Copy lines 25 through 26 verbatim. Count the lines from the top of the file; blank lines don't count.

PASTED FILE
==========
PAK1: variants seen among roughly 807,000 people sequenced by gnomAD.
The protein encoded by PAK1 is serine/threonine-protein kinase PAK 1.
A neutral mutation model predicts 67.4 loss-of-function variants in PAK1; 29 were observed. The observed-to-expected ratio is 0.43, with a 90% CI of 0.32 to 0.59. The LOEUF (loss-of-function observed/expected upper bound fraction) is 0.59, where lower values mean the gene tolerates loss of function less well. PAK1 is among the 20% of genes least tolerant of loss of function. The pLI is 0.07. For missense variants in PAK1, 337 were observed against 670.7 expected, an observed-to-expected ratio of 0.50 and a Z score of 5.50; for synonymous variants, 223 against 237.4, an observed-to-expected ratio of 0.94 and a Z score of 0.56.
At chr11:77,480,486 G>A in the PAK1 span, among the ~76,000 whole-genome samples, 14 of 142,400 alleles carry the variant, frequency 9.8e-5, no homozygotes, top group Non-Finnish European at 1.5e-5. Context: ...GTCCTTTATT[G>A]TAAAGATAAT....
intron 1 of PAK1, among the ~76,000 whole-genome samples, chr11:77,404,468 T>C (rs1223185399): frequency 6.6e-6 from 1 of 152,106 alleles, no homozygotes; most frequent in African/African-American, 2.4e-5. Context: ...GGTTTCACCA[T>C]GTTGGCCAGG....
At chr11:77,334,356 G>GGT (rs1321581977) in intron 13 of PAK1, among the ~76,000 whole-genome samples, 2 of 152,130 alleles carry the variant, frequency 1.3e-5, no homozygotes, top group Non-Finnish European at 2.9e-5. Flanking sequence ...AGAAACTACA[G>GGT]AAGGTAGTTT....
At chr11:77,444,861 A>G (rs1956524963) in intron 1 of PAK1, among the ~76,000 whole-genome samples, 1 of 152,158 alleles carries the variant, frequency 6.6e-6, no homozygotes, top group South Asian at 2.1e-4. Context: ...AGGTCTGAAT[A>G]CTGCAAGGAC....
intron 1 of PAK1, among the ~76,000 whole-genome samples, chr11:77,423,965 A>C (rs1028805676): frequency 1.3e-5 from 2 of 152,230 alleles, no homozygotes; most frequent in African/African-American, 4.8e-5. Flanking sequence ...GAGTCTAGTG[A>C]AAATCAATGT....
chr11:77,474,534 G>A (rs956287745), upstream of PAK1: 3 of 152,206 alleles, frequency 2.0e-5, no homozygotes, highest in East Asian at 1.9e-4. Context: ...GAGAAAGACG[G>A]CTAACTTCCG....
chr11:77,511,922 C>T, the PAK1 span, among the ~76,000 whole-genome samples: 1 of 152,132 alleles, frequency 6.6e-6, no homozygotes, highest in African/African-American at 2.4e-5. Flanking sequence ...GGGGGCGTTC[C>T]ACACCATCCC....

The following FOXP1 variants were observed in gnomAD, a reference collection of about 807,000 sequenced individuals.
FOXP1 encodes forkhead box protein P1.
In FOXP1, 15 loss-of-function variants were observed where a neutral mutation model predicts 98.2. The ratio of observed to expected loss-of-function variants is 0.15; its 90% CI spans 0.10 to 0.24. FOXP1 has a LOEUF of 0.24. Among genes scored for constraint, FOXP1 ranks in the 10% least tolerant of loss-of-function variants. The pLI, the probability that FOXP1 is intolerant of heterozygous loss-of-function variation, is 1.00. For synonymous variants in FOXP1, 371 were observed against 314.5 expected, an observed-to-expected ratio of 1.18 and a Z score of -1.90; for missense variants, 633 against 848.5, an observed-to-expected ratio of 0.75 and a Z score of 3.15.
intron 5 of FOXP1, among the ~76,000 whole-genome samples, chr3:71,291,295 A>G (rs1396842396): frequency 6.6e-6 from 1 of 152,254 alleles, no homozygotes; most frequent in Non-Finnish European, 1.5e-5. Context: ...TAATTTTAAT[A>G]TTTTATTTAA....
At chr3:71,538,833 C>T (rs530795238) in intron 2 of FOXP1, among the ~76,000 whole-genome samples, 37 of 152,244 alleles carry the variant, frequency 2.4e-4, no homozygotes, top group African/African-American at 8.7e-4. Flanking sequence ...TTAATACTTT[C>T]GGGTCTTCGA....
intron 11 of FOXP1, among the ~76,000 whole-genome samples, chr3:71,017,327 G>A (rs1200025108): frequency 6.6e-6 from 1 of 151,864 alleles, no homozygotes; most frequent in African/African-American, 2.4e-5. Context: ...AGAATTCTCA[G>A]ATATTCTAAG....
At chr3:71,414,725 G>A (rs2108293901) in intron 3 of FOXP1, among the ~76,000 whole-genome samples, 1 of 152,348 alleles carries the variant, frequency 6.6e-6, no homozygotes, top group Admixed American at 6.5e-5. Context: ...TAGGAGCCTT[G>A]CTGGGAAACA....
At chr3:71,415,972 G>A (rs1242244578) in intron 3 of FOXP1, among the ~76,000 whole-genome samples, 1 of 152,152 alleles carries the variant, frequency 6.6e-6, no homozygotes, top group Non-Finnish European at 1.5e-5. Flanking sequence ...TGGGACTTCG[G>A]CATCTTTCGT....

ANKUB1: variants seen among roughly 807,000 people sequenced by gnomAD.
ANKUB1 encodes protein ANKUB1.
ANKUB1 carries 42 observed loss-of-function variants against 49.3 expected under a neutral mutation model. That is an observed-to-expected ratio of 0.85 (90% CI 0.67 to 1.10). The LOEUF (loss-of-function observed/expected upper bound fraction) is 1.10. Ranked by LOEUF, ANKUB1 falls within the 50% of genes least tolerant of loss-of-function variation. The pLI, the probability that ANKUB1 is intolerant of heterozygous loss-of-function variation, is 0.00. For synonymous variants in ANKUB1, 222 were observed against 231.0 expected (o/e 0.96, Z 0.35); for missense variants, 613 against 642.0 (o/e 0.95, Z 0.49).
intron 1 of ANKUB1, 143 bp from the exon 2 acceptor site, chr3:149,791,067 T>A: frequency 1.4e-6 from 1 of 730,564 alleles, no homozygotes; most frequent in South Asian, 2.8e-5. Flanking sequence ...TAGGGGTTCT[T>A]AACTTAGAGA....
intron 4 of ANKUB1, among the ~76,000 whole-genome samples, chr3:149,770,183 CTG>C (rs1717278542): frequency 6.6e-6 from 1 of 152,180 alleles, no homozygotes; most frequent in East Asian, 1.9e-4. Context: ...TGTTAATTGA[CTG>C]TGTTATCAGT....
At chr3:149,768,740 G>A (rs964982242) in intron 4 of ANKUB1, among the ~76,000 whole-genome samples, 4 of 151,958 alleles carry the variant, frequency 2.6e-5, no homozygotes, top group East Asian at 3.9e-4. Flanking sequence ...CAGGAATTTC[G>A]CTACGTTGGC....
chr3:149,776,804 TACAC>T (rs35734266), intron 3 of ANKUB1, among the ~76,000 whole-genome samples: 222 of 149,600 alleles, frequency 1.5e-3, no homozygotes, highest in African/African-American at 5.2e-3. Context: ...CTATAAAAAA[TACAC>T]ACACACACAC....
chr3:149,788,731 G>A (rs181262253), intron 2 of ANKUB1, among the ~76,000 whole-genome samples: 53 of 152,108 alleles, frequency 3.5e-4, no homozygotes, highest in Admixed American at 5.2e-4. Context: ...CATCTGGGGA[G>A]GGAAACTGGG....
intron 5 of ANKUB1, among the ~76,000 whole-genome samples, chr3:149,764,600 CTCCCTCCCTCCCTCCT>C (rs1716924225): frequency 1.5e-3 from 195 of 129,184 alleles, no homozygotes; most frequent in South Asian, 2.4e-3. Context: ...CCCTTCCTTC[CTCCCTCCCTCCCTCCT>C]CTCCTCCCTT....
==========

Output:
chr3:149,776,804 TACAC>T (rs35734266), intron 3 of ANKUB1, among the ~76,000 whole-genome samples: 222 of 149,600 alleles, frequency 1.5e-3, no homozygotes, highest in African/African-American at 5.2e-3. Context: ...CTATAAAAAA[TACAC>T]ACACACACAC....
chr3:149,788,731 G>A (rs181262253), intron 2 of ANKUB1, among the ~76,000 whole-genome samples: 53 of 152,108 alleles, frequency 3.5e-4, no homozygotes, highest in Admixed American at 5.2e-4. Context: ...CATCTGGGGA[G>A]GGAAACTGGG....